South Haven officials will now impose a hefty fine on beachgoers who venture into Lake Michigan or walk along the piers in inclement weather.

Last Monday, city council members approved a new Beach Closure and Pier Barrier Ordinance, which charges $ 1,000 to offenders who enter Lake Michigan waters from city beaches or who exit on the piers when they are closed.

Additionally, people who dive or jump off the jetty, swim within 50 feet of the jetties, or drop or jump a person off the jetties into Lake Michigan or the Black River could face the same penalty.

Council members unanimously approved the order on Monday after holding a public hearing.

“The adoption of this ordinance establishes a process for closing the city’s beaches and jetties due to inclement weather,” said city manager Kate Hosier. “This ordinance is the result of a year and a half of work to set the criteria for beach closures.”

The ordinance is modeled on a similar ordinance passed by the Michigan Department of Natural Resources in the fall of 2021, which prohibits swimming in state parks during inclement weather. Sports board enthusiasts would be the only people exempt from bad weather swimming under city and MNR regulations.

But, unlike the DNR order, which fines violators $ 500, the city plans to double the fees.

“This reflects the seriousness of the violation of the order,” Hosier said. “Based on comments from City Council at the December 20, 2021 meeting, the fine for violating the ordinance was set at $ 1,000 per event. “

Additionally, Hosier said violators who are rescued from the water by first responders may face more expense related to rescue efforts.

The order would be administered as follows:

The City Manager, Chief of Police, Harbor Master or Director of Emergency Services for the South Haven area will have the authority to shut off or partially shut off the waters of the public beach due to a risk to human health and safety, including contamination, washing of hazardous debris ashore, rescue / recovery efforts, severe weather identified by the National Weather Service, or wave heights greater than 8 feet. These same individuals can also close piers due to the windy conditions on Lake Michigan that cause a third of the waves to crash on the piers.

When a swimming closure is ordered, signs will be posted around the closed areas indicating that swimming is prohibited. In the event of a jetty closure, the entrance to the jetty will be barricaded with a barrier, and a sign will be displayed.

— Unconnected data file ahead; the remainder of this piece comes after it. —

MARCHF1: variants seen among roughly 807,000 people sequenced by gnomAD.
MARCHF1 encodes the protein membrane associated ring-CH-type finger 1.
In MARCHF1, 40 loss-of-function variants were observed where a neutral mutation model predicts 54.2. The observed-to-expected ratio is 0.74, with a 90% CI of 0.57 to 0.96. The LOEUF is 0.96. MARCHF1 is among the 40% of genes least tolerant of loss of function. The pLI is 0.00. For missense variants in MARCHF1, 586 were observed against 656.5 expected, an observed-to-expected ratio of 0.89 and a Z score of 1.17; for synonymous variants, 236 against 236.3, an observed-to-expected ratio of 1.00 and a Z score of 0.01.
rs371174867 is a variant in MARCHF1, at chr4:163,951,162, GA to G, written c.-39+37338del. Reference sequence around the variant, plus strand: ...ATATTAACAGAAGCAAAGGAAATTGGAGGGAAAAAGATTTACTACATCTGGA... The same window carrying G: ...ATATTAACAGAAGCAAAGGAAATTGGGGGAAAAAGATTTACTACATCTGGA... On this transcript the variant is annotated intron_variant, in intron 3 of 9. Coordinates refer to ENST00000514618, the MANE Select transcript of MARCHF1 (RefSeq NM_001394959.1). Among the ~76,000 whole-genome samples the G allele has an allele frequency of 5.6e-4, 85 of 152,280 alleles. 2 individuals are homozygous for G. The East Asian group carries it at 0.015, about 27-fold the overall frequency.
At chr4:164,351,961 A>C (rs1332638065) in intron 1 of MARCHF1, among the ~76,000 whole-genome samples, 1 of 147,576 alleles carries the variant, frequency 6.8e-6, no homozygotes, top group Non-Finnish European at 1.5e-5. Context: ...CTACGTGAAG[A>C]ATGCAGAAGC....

Because violating the order is considered a civil offense, violators may be cited by police or code enforcement officers.

An additional provision in the ordinance allows the city to obtain permission from the Army Corps of Engineers, which owns the jetties, to install guardrails at the entrance to each jetty at a cost of approximately $ 20. $ 000.






Sliding doors will soon be installed on the north and south piers of South Haven, in accordance with a new ordinance that prohibits people from walking on the piers during hazardous weather conditions.



Effective fines

During the public hearing, several people questioned whether the order could be administered effectively.

“If we stay ‘swim at your own risk’ on the city’s beaches, are we sure we can enforce this ordinance? South Haven resident Kam Daugherty said. “If conditions change while the swimmers are in the water, I don’t think we can force them out. I don’t think (the) city has jurisdiction to do this.

Another resident questioned the dollar amount of the fine.

“I think $ 1,000 is a bit too much,” said Mary Hosley. “The fines won’t deter people because they probably won’t know about the fines. They don’t know the dangers of the lake and the jetties. The constant changes in the lake cause problems. The most critical aspect seems to be educating people.

Council members agreed that a learning process will be involved in enforcing the ordinance and that efforts to educate swimmers about the hazardous water conditions in Lake Michigan must continue. These efforts were stepped up in late summer 2020, following three drowning deaths off the beaches of Lake Michigan.

“Last summer we had no drowning and, more importantly, no drowning calls,” Hosier said. “I think it was due to more education, the Nixle alerts (emergency text) and the SHAES having more people at the beach… It’s just another thing we’re trying to do.”

She said the city would consider adding another code enforcement officer to monitor beach activity.

Council member George Sleeper said the new ordinance will complement efforts city council has undertaken to improve beach safety. Among those efforts was the formation of a Beach Safety Committee, which analyzed ways the city could make its beaches safer for water-related activities.

“I think the prescription is the first step,” he said. “Education is the next step in making sure we have a safe summer next year. “